Content Marketing Metrics: How to Measure Performance
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‘You can have data without information, but you cannot have information without data.’ – Daniel Keys Moran
The key to raising brand awareness is a competent and intelligent marketing strategy. This is why marketing and advertising agencies exist. Today, with the rapid evolution of digital marketing, the game has changed. To keep ahead of the competition companies need to be more creative, dynamic, and diligent than ever before.
To speak on the former, outside of authentic and engaging content, tracking a company’s marketing activity is imperative to its success. With an influx of content, digital marketers, and companies crowding the marketplace in an attempt to build their brand, a company needs to know how well their content is placing on the internet.
While the first piece of the puzzle begins with methodology of the content itself (why it’s initially produced, the target goal, etc.), the second is meticulously analysing this content’s relationship with the marketplace and, more importantly, your desired audience. This is where content marketing metrics come in, which is a discipline used by digital marketers to evaluate the activity inspired by their content.
In the world of content marketing metrics there is no definitive. Due mostly to the fact that nearly 70% of content generated online has no real ‘purpose’ to it, companies often don’t know what to look for in terms of activity because they don’t know why they’re posting content. If you don’t know exactly what you’re trying to accomplish with your content, how are you supposed to know how to measure its success?
Generally digital marketers are looking to create brand awareness, higher customer retention rates, higher conversation rates, and upselling. The most common tool used for content marketing metrics in this space is Google Analytics. You should know there are also other programs out there favored by others.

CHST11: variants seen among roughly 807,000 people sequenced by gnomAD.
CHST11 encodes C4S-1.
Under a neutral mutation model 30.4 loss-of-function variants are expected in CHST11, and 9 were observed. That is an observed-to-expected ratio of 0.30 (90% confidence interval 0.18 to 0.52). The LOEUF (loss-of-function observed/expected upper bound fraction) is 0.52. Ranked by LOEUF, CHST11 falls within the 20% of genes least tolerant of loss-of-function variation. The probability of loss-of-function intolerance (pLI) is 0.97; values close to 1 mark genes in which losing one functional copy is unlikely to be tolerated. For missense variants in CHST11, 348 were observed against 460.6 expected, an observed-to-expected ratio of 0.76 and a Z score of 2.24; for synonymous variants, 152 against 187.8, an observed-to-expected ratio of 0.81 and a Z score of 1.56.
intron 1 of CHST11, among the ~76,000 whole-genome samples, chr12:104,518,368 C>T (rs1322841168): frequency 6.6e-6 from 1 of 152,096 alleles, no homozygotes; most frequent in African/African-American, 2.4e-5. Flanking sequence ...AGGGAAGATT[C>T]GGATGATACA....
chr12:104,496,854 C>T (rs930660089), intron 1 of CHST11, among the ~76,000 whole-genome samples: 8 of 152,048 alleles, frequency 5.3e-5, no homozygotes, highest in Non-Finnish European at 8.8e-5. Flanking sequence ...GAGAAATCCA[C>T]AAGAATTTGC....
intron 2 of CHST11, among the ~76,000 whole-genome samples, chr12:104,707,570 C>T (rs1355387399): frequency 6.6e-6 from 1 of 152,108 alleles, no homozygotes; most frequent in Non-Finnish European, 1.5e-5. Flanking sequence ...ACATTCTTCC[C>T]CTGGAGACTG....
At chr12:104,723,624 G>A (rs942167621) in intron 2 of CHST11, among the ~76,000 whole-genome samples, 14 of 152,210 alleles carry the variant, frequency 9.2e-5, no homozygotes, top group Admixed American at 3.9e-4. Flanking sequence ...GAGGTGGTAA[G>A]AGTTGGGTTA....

When it comes to implementing these metrics at first glance they can be overwhelming. This is amplified if you’re one of those companies that doesn’t have a crystal clear agenda for the content they’re producing. In which case we’ll introduce consumption metrics to you first.
The goal of consumption metrics is to measure how many times your audience viewed or clicked-through your content. The below are taken from Google Analytics and are commonly used across all metric systems.
Pageviews: These views are specific to certain pages. It’s the accumulative total of how many times people viewed certain facets of your website. This could be your blog page, homepage, or any other page from your platform.
Users: This provides insight into how many specific users have accessed a certain page on your website. Rather than the ‘pageviews’ this generates a total based off people’s landing spots.
Unique Pageviews: This is particular to a user and totals the amount of pageviews they contributed to each given session. It’s important as you can see where the user navigated and how far they went into your platform (thus identifying their general interest).
While these three metrics are the most rudimentary within the consumption branch, they give an overview of how many people are visiting your site and which pages are most popular. This will allow you to differentiate between pages that are preferred or ignored and gain a basic understanding of your website’s traffic rate.
Traffic Catalyst: Now that you’re familiar with the number in which your website is frequented, identifying the primary catalyst for that traffic will allow you to optimize your successes. Perhaps you have a social media campaign as well as an email one. If you discern that 80% of your traffic comes from Facebook, it’s probably time to reevaluate your e-marketing strategy.
Location: ‘know thy audience’ is one of the most fundamental disciplines of marketing. A large factor of that is knowing where your audience is most prominent. Identifying which territories are generating the most viewership might allow you to focus your marketing efforts with higher precision.
We think you have the gist here. Consumption metrics generally outline incoming volumes of traffic and where those viewers are coming from. But outside of views and landing users, what are those people doing once they’ve browsed your content? How are they interacting with your content?
Sharing And Social Media Metrics
Sharing metrics should be somewhat self-explanatory. These metrics measure how willing or active your users are in sharing your content. Being that most of the time your content is going to be shared on social media networks, often both ‘sharing’ and ‘social media’ are clumped into one category.